Henry David Thoreau was born in Concord, Massachusetts on July 12, 1817.
His idiosyncratic book Walden; or, Life in the Woods, published in 1854, describes the two years, two months, and two days that Thoreau spent living in a one room cabin on the edge of the town of Concord, on the banks of Walden Pond.
Thoreau’s intention for this experiment was not to seek isolation or wilderness, but to pare his life down to the bare essentials and live life “deliberately,” by which he meant paying attention to his surroundings and being aware of the impact of his every action on the natural world.
In the famous opening passage Thoreau writes:
“I went to the woods because I wished to live deliberately, to front only the essential facts of life, and see if I could not learn what it had to teach, and not, when I came to die, discover that I had not lived…I wanted to live deep and suck out all the marrow of life…”
Much in Walden strikes me as slotting into a number of modern trends. Its minimalist lifestyle and the “small house” movement for sure, with Thoreau’s cry of “simplify, simplify!”
But also Thoreau’s ethical and ecological concerns to – as we would say today – reduce his footprint. Also we would now recognize his meditative care in being acutely aware of the world around him as he goes about his daily routine as “mindfulness.” Thoreau himself was, of course, greatly interested in Asian philosophy.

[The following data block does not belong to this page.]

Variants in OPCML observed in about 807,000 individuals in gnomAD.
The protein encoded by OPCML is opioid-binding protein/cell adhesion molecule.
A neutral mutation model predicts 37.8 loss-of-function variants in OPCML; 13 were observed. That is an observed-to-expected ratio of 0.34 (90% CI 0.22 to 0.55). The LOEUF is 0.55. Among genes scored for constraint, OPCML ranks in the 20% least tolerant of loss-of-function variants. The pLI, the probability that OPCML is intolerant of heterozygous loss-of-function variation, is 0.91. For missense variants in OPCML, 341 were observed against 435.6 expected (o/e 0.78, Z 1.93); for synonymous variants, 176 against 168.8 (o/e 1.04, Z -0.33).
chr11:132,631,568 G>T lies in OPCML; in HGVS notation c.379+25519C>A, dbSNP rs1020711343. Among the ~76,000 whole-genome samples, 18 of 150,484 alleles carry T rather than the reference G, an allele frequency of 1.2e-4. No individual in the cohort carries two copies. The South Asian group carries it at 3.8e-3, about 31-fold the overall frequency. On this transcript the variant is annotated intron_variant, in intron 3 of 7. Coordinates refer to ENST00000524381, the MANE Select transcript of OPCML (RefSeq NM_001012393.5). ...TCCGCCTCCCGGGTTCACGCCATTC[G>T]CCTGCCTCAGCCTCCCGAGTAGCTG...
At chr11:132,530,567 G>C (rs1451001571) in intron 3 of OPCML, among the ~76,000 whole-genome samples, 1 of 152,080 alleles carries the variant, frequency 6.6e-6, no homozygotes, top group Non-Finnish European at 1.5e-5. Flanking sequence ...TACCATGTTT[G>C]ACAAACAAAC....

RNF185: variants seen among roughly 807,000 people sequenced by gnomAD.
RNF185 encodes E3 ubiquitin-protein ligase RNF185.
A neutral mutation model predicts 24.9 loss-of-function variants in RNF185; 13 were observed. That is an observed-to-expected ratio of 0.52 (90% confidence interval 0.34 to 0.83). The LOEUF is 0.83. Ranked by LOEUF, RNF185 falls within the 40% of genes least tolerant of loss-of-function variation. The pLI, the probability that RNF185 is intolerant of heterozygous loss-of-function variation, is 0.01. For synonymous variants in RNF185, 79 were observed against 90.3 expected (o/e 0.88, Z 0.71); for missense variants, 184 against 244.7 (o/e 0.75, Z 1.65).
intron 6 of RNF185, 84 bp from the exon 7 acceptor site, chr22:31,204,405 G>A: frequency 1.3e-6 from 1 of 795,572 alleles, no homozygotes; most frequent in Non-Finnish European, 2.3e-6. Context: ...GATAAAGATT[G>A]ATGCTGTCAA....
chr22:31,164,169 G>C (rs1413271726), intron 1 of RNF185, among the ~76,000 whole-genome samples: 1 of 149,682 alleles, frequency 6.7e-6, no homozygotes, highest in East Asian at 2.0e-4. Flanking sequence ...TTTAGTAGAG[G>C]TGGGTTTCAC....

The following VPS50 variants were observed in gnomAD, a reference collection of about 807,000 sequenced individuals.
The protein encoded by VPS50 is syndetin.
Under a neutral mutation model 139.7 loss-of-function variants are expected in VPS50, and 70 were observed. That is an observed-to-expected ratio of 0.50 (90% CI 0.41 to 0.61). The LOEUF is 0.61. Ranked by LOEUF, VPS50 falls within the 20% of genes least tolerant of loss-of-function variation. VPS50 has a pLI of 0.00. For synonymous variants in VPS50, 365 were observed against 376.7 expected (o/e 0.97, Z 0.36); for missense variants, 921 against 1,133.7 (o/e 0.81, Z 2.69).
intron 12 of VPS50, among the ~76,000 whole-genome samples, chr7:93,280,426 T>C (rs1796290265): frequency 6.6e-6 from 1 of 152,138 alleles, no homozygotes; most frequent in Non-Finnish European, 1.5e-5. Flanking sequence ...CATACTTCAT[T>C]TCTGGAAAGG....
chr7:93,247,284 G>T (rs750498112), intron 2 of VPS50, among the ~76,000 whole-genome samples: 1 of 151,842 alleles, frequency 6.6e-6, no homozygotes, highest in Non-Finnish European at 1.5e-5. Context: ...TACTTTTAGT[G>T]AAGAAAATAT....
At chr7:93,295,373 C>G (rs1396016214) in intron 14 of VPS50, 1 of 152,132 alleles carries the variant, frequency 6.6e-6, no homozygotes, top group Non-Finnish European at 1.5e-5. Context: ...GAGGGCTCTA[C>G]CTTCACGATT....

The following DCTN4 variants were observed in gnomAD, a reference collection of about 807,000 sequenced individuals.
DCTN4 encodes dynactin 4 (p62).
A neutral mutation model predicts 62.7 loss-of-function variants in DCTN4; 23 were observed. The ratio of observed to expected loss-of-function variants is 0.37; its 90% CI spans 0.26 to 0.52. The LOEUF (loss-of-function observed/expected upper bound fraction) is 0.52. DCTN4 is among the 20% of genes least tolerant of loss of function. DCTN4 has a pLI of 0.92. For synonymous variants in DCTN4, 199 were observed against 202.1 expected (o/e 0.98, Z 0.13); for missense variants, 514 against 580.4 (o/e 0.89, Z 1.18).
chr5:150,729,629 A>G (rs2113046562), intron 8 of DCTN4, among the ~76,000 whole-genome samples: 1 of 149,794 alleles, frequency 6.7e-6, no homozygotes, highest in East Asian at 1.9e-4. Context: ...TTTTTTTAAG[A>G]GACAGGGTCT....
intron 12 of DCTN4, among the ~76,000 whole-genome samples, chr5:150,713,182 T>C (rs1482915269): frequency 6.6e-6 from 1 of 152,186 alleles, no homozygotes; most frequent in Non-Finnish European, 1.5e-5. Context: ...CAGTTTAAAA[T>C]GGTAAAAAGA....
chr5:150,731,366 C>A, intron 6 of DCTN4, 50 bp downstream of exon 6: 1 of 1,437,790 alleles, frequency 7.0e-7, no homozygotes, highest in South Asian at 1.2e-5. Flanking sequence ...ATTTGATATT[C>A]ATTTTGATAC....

Thoreau was born into a family which saw both relative poverty and relative prosperity. The family’s fortunes rose when Thoreau’s uncle discovered a graphite mine and the Thoreaus went into the pencil making business, which proved to be very successful.
Thoreau graduated from Harvard University. When he returned to Concord he became a schoolteacher, but resigned when he found out that he would have to administer corporal punishment.
Together with his brother, John, Thoreau founded a progressive school, the Concord Academy. John died suddenly from tetanus poisoning in 1842. He died in Thoreau’s arms and, grief stricken, Thoreau closed the school.
Thoreau met the poet Ralph Waldo Emerson (14 years older than him) in Concord and the two became very close. Emerson introduced Thoreau to his circle of friends and fellow devotees of the philosophy of Transendentalism.
It was on land owned by Emerson that Thoreau built his cabin, and Thoreau lived with the Emerson family off and on for the rest of his life.
Thoreau and his family were active in the anti-slavery movement and their house was one of the stops on the “Underground Railroad.”
A recollection by a former Harvard classmate visiting the Thoreau home is worth quoting at length. The friend is startled to come across Thoreau and his sister tending to a frightened runaway slave:
“I observed the tender and lowly devotion of Thoreau to the African. He now and then drew near to the trembling man, and with a cheerful voice bade him feel at home, and have no fear that any power should again wrong him. The whole day he mounted guard over the fugitive, for it was a slave-hunting time. But the guard had no weapon, and probably there was no such thing in the house. The next day the fugitive was got to Canada.”
Thoreau died of tuberculosis in 1862 at the age of 44.